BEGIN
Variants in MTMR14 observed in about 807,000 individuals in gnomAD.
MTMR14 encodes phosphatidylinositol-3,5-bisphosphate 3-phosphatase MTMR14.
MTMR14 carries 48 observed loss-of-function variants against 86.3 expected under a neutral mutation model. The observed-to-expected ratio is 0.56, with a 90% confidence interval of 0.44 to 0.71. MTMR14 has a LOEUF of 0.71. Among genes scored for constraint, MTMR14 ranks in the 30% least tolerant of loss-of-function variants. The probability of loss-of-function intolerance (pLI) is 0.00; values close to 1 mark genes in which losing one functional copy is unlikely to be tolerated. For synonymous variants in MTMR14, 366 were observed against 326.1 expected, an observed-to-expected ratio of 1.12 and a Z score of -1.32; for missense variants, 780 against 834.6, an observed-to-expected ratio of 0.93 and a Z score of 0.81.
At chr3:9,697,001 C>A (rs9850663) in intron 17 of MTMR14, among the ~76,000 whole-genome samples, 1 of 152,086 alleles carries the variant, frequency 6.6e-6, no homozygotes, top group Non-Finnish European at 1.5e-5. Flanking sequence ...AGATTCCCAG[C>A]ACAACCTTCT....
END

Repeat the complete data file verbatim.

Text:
Variants in MTMR14 observed in about 807,000 individuals in gnomAD.
MTMR14 encodes phosphatidylinositol-3,5-bisphosphate 3-phosphatase MTMR14.
MTMR14 carries 48 observed loss-of-function variants against 86.3 expected under a neutral mutation model. The observed-to-expected ratio is 0.56, with a 90% confidence interval of 0.44 to 0.71. MTMR14 has a LOEUF of 0.71. Among genes scored for constraint, MTMR14 ranks in the 30% least tolerant of loss-of-function variants. The probability of loss-of-function intolerance (pLI) is 0.00; values close to 1 mark genes in which losing one functional copy is unlikely to be tolerated. For synonymous variants in MTMR14, 366 were observed against 326.1 expected, an observed-to-expected ratio of 1.12 and a Z score of -1.32; for missense variants, 780 against 834.6, an observed-to-expected ratio of 0.93 and a Z score of 0.81.
At chr3:9,697,001 C>A (rs9850663) in intron 17 of MTMR14, among the ~76,000 whole-genome samples, 1 of 152,086 alleles carries the variant, frequency 6.6e-6, no homozygotes, top group Non-Finnish European at 1.5e-5. Flanking sequence ...AGATTCCCAG[C>A]ACAACCTTCT....